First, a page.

B&W, 1944, 70m.
Directed by Edgar G. Ulmer
Starring John Carradine, Jean Parker
AllDay (DVD) (US R0 NTSC)
One of the key films by cult director Edgar G. Ulmer, this study of romance and madness in turn of the century Paris belongs to the tradition of such costume horrors as The Lodger and Hangover Square, both of which also presented sympathetic portrayals of their murdering protagonists. Gaston Morrell (John Carradine), a neglected painter, seems to be like every other struggling Parisian artist. However, he has one nasty flaw, namely a tendency of strangling his female models when he's through with them. His next potential victim, the lovely Lucille (Jean Parker), grows close to Gaston but remains unaware of his homicidal tendencies, while the courts and police anxiously try to track down this dangerous Bluebeard in their midst.
In an unexpected move, Ulmer decided to provide extra layers of subtext to his film by making Morrell not just a painter but a puppeteer as well. Thus, an imaginatively shot version of Faust performed with marionettes underscores the film's theme of love's deprivation driving a man to dangerous levels of madness. Carradine shines in perhaps his greatest role, though surprisingly he remains offscreen for several long stretches of the story. Because Bluebeard was produced by the notorious poverty row studio PRC, its preservation has been largely hit or miss (but mostly miss) over the years. The film's skimpy production values dictated that it be shot on cheap film and badly processed, so a few sequences such as the climactic chase by the Seine suffer from poor exposure and a heavy saturation of grain.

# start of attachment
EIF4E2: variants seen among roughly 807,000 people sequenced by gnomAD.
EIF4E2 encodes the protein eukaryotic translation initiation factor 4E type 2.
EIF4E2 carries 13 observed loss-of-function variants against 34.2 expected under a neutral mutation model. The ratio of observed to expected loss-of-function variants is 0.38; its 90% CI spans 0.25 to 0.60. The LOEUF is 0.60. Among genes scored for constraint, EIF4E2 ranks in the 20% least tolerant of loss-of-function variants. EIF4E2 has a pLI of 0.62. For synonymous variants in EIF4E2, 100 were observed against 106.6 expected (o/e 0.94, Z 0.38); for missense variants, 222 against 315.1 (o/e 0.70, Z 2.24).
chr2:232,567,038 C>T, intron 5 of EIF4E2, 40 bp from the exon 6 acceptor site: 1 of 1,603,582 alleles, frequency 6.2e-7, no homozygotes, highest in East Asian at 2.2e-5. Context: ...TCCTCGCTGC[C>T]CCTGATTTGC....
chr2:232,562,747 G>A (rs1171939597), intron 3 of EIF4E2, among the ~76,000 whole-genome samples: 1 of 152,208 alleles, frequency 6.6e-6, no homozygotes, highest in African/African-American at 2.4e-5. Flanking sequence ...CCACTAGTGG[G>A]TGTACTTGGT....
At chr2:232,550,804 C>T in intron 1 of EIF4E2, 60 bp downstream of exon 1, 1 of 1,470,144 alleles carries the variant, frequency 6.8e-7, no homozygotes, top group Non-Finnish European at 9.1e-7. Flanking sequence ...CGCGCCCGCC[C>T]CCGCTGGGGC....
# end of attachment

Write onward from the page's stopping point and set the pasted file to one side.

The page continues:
Most viewers have had to content themselves with blurry, unwatchable public domain tapes over the years, but AllDay's DVD presentation is, relatively speaking, a tremendous improvement. Apart from the inherent flaws in the original film and a badly damaged credit sequence riddled with vertical scratches, the film looks vastly superior in this French-preserved edition, featuring a much richer contrast scale than ever before and a pleasantly steady image. It doesn't shine like a multimillion dollar restoration job, but considering this marginal title has almost slipped into oblivion, the DVD represents a welcome save by AllDay. The disc contains a fascinating inside booklet detailing all of PRC's suggested marketing strategies, as well as a twelve minute documentary, “Bluebeard Revealed,” featuring color footage of the Faust production and interviews with principals involved in its production.